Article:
How I Landed My First Job in Tech

Two weeks ago I received a message on LinkedIn. It was from a junior developer trying to break into tech and he was going to a similar process that I've been through on my current role. He was asking for any tips and insights that could help him on the interview process. After typing away for 45 minutes, sharing my experiences, perceptions, and knowledge about tackling interviews, I discovered some things about myself.

If it wasn't for this moment, I guess I wouldn't realise all the knowledge I gathered until now. I hadn't stopped to reflect on the effort I had put into taking that very first step in my career. In sharing my experiences with this junior developer, I realised just how much I had learned and grown in the process. It was a reminder of the journey that led me to where I am today.

This experience inspired me to write this article, I hope it not only offers insights but also resonates with anyone out there who is going through a similar journey.

Dealing with Impostor Syndrome

I want to mention this first because my personal biggest challenge is facing impostor syndrome. It's that feeling that maybe, just maybe, we don't belong, that we're not good enough, and that someday, someone will expose us as frauds. I've been there, but here's the thing, I've learned to conquer it, and you can too.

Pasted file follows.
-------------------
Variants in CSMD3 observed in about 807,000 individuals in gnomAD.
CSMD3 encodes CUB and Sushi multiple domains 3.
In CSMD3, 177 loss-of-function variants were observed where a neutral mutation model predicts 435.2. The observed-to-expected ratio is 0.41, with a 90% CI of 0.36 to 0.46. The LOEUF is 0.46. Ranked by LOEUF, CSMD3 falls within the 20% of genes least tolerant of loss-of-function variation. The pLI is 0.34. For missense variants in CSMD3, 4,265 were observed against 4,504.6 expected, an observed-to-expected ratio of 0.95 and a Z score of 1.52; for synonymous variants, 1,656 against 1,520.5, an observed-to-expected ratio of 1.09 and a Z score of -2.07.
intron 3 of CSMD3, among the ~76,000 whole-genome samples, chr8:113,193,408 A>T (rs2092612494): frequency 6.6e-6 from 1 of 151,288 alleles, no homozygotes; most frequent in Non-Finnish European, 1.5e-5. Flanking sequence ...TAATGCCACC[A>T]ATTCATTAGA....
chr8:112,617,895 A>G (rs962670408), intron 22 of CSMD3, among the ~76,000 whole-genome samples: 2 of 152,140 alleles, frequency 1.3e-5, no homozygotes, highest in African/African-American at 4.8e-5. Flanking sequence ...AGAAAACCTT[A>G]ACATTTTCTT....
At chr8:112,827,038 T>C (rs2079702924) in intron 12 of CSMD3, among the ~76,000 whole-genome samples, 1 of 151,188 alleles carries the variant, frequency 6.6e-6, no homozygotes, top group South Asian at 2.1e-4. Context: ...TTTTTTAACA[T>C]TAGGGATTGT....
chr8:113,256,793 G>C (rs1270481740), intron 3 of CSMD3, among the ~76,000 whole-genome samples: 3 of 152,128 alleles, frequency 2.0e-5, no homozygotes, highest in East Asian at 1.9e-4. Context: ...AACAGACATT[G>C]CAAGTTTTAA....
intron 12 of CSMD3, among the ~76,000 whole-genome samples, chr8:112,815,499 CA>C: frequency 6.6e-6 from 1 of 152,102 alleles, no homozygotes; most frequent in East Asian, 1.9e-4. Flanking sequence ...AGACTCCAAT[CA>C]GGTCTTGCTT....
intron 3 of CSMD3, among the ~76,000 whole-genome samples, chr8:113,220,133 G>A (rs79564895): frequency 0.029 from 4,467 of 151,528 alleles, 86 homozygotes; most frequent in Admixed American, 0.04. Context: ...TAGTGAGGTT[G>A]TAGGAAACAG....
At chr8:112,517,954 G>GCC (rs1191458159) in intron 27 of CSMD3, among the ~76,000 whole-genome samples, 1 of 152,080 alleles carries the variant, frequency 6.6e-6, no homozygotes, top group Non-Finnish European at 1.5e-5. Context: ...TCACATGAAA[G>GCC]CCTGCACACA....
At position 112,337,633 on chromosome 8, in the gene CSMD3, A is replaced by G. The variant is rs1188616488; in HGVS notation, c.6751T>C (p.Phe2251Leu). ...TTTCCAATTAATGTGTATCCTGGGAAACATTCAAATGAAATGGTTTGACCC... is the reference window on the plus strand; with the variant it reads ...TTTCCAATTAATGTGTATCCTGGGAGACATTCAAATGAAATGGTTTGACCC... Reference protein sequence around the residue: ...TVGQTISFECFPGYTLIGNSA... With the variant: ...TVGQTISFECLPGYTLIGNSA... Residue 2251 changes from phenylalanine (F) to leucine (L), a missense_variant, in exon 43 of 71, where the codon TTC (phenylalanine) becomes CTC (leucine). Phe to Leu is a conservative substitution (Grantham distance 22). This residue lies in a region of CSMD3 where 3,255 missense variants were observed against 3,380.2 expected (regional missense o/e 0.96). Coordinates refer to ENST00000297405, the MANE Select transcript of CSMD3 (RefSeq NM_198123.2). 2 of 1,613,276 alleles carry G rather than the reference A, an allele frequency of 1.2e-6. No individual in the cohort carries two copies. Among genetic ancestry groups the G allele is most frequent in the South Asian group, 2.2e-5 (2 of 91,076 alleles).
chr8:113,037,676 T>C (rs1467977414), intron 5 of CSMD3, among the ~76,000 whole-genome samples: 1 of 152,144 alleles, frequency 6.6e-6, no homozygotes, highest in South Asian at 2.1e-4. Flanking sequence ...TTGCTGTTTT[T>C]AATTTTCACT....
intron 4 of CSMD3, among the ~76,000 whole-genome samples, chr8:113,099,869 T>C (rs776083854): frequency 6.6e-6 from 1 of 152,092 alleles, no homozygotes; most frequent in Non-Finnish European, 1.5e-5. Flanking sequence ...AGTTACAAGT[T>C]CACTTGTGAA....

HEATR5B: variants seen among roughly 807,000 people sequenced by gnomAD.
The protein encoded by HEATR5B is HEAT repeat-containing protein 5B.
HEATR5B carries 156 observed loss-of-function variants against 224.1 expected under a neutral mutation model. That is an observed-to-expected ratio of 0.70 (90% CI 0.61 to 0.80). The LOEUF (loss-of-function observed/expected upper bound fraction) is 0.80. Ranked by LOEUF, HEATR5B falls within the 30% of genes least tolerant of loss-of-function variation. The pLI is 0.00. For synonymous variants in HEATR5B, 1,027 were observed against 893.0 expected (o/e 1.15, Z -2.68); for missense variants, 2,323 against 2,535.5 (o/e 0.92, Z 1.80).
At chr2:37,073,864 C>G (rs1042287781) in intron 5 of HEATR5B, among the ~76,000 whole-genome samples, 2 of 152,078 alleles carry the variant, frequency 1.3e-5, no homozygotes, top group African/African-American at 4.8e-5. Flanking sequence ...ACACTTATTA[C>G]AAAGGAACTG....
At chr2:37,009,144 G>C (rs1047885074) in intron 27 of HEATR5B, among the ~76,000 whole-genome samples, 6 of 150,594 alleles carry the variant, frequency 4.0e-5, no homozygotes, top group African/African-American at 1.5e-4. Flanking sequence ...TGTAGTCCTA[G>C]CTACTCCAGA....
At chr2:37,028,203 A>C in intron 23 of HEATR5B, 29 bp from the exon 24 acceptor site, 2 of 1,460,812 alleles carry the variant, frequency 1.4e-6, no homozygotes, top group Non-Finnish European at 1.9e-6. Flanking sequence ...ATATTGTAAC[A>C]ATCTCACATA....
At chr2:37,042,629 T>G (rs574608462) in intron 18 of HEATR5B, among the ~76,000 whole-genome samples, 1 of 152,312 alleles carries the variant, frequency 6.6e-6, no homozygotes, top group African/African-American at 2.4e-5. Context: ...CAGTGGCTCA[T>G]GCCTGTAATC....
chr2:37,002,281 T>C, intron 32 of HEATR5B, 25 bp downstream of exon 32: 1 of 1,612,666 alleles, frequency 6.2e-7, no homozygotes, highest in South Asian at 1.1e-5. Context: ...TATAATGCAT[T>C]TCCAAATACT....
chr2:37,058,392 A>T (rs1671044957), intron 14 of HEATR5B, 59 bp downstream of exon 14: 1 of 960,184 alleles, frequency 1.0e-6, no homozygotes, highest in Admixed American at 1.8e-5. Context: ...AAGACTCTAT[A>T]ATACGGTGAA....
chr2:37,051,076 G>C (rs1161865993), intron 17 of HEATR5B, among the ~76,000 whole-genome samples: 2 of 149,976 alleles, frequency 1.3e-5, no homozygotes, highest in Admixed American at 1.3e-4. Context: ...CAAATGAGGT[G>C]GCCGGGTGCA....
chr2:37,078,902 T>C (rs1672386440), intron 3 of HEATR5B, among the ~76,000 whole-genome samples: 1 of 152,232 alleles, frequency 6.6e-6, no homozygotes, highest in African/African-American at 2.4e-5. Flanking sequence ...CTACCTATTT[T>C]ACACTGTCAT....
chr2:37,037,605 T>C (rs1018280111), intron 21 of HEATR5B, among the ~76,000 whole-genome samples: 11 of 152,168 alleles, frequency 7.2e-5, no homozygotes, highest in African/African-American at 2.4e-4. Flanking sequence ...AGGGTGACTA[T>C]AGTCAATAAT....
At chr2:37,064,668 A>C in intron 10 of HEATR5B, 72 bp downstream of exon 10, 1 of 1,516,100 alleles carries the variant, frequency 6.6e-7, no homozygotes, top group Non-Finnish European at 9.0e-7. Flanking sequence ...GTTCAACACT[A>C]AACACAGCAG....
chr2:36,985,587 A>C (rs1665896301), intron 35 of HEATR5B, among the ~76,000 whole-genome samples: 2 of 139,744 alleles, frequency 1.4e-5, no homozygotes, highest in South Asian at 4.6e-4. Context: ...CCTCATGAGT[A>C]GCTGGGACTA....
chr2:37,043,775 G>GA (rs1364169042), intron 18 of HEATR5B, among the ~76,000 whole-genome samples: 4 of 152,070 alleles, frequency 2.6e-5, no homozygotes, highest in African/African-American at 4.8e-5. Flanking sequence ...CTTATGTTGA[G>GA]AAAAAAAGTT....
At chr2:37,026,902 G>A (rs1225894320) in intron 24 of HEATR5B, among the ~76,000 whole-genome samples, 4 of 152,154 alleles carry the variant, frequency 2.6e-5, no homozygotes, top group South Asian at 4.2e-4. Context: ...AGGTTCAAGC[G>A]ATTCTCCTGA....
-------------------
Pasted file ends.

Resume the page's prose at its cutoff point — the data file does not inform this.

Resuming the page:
One thing I've observed among juniors, and I can only speak from my own experience here, but I noticed an absence of confidence due to a unrealistic goal of perfection. We set the bar impossibly high for ourselves, expecting our work to be flawless from the get-go. We forget that tech, like life itself, is a journey, not a destination. The truth is, "done" is often much better than "perfect."

Another two thoughts I like to have in mind is: "whatever answer that may come it does not define me" and "if it doesn't work out now, it just means you have to keep on trying and that will work anytime soon". It may sound silly but giving this ideas some thought brought so much easy and freedom to my process.

Study Your Employer and the Interview Process

Try to learn as much as you can about the company you are applying for a job, study how they approach that specific role and try to find as much as you can in terms of their expectations. If you have an idea of what they are looking for, you already have a lot to work on and have the upper hand on the interview. If you make yourself visible and accessible, chances are high that they will relate to you.

  • Search on Glassdoor if there are any interview experiences shared by past candidates
  • Ask employees of the company that have the same role about the interview process (sometimes you even land a recommendation)
  • If you know who will make the interview, drop a courteous message on LinkedIn and make yourself visible
  • See any relevant news about the company that you can use to ask and express your interest in the role

Understanding the company culture and its expectations, you can tailor your responses during the interview to align with what they're looking for. This shows that you've done your homework and are genuinely interested in the role.